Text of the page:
After a brief interrogation by Mexican soldiers, we agreed to stop driving the owners’ truck to do the Buy. Not in possession of a Mexican driver’s license, my now-husband had unintentionally broken a few laws. The bigger problem, I suspected, was the long-term presence of a young American couple in this part of the country. Pockets of revolutionaries still gathered deep in uninhabited forest land close to the border of Guatemala. Their leader, Comandante Marcos, was respected and romanticized by many for whom the historic image of Che Guevara is a compelling figure. It seemed to me that the militia wouldn’t tolerate any Zapatista sympathizers on their watch, and they watched us closely as we headed down the road.
A few days later we traveled to San Cristobal de las Casas. Nicknamed San Cris, this semi-modern city is a fascinating blend of culture and tourism. Locally made goods were abundant and high quality. Barefoot children gave us drawings of animals and churches, and we paid for their artwork. We walked all day, exploring the city’s colorful markets and stories and chatting with locals. It grew very cold at night, and we rented a room with a fireplace, shivered, and finally slept in smoky darkness.
It was a huge relief to speak openly, outside of the ranch’s gate, about our experience thus far. There was no privacy on the ranch.
One morning we climbed on a crowded colectivo, a small public van, and handed a few pesos forward to be pocketed by the driver. Two hours later we were deposited in the town square of a neighboring town, a humble yet colorful gathering spot for the citizens of San Juan Chamula.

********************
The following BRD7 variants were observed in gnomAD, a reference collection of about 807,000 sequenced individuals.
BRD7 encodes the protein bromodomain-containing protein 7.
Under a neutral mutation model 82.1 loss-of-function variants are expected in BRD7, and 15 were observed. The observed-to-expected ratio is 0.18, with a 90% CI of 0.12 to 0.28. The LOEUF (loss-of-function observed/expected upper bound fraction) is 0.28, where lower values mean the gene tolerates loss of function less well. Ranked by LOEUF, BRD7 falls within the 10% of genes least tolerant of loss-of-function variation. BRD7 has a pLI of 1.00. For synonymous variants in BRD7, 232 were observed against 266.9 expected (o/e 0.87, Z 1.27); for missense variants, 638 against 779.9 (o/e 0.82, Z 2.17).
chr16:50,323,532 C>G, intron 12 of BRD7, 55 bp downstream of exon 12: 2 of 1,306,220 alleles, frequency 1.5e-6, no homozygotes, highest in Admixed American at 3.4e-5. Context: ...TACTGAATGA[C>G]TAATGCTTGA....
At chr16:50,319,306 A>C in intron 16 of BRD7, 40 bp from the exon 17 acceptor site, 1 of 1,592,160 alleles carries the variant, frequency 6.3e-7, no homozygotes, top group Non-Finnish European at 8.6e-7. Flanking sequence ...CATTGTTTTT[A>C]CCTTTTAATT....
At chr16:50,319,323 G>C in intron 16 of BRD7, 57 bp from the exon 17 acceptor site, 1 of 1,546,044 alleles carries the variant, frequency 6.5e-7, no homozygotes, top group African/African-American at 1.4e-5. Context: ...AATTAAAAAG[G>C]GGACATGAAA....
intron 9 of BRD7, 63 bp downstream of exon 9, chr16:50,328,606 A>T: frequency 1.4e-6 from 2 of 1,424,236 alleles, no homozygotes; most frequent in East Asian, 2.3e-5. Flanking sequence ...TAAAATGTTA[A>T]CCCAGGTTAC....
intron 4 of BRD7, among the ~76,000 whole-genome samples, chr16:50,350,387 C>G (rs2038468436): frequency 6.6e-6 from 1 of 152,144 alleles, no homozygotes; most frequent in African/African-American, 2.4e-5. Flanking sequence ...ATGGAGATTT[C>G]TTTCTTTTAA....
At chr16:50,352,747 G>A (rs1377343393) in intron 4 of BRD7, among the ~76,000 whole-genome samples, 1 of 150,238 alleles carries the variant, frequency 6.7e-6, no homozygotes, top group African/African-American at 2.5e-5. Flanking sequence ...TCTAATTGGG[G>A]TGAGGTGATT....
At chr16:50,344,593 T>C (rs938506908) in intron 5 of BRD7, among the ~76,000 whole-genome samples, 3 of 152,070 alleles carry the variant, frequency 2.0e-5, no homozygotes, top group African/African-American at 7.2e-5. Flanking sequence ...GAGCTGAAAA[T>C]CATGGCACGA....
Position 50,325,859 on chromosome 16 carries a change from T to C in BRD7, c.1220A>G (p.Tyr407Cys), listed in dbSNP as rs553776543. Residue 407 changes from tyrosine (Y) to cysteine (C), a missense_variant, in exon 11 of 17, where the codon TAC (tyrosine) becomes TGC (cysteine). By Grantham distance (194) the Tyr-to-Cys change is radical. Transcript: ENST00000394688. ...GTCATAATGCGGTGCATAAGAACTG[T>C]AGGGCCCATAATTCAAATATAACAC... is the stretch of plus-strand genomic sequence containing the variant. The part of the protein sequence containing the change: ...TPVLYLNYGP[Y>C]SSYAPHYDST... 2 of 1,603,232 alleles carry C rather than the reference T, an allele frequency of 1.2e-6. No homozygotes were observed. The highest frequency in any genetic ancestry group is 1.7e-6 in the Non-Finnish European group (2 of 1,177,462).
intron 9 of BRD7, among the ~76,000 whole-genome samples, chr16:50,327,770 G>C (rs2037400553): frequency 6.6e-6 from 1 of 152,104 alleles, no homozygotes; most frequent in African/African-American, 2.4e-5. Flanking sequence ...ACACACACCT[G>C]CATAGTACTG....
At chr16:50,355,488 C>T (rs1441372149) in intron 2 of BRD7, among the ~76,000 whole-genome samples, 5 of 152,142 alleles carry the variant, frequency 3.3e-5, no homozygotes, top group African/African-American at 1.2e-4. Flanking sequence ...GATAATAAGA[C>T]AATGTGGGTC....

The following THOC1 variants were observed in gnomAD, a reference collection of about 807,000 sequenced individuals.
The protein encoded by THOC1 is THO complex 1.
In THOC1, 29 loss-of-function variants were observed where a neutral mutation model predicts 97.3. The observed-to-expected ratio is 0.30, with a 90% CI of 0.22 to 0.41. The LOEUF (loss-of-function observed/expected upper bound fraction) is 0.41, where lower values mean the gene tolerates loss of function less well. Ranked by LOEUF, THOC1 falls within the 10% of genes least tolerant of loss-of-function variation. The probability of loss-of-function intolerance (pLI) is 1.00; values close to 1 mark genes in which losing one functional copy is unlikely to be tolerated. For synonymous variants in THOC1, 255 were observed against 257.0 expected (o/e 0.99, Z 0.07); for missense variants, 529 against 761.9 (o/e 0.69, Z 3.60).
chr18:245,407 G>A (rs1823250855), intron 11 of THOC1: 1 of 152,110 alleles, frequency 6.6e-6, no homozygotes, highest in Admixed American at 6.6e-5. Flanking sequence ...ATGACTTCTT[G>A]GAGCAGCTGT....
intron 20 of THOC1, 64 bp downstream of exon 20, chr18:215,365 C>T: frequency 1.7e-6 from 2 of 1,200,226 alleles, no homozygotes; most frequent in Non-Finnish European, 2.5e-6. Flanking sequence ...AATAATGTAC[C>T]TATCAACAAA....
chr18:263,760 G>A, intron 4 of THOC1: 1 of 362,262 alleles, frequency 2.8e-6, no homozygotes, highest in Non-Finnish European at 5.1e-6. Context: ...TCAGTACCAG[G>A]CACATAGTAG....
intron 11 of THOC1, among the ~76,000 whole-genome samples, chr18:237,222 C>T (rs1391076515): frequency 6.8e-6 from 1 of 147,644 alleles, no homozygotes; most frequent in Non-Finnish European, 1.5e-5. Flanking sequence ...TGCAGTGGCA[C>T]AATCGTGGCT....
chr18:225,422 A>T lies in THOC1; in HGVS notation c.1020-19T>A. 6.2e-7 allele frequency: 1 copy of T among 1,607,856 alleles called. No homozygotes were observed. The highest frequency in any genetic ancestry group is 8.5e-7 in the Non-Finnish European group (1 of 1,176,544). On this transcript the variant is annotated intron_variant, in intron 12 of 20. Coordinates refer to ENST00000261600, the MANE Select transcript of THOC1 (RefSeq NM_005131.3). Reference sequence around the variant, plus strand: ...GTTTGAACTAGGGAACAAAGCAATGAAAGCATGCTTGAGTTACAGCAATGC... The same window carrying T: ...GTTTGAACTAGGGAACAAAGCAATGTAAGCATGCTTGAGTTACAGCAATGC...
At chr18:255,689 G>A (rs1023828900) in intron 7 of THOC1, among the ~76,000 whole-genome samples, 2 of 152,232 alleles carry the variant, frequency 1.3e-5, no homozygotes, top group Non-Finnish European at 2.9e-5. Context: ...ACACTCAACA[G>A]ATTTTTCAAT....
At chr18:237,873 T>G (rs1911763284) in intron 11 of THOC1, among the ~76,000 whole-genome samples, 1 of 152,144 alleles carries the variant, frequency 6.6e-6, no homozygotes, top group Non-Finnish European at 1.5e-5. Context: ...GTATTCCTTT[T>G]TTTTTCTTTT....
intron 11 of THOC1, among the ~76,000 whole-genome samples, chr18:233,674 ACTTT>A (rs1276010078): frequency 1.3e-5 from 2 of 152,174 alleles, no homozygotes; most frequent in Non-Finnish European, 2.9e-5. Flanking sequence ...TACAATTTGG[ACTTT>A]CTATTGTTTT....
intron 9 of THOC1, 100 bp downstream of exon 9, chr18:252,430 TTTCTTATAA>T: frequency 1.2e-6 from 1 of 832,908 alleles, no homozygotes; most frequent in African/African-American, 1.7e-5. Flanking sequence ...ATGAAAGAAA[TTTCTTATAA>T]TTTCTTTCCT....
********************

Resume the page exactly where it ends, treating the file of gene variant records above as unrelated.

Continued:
Knowing our presence immediately drew attention, we walked quietly, pausing to take into the unique scene taking place before and beyond and around us. Petite indigenous men and women entered the church that rose up in blue and white over the square, some on their knees. I entered the church with my head tucked low, and remained silent.
Hundreds of candles lit the altar and the floor. Ablaze with light, men and women were tucked into corners, and the air was thick with mumbled prayer and tears and cries. Smoke from burning incense made me dizzy. Traditional Catholic saints stood sternly along the walls, wooden and painted. There were no pews in the church, leaving the vast floor area to be blanketed in boughs of fragrant pine needles, fresh eggs, coins and half-drunk bottles of Coke and whiskey. Chamula families knelt before the sacrificial items, chanting, paying me no mind.
I didn’t linger, but I have never again observed such a strange and holy blend of religious and cultural imagery, voice, and ritual.
The eggs represented fertility. The smoke whispered of unanswered prayer. The money promised to appease the ones who had fallen, or risen, before us.
An uninterpreted relationship between man and his or her God is truly something to witness.
Back on the ranch, we returned to work and to learn whatever we could during this time that inevitably would end before we knew it. Spending time in a tiny village where local leaders prevent even Mexican police from entering their space is no small thing when they share the same land. I had much to think about during my days in southern Mexico, surrounded by humility and struck by history – – the unfairness of the reality in which so many lived, and continue to live, subject to modern policies and decisions made by anyone other than themselves.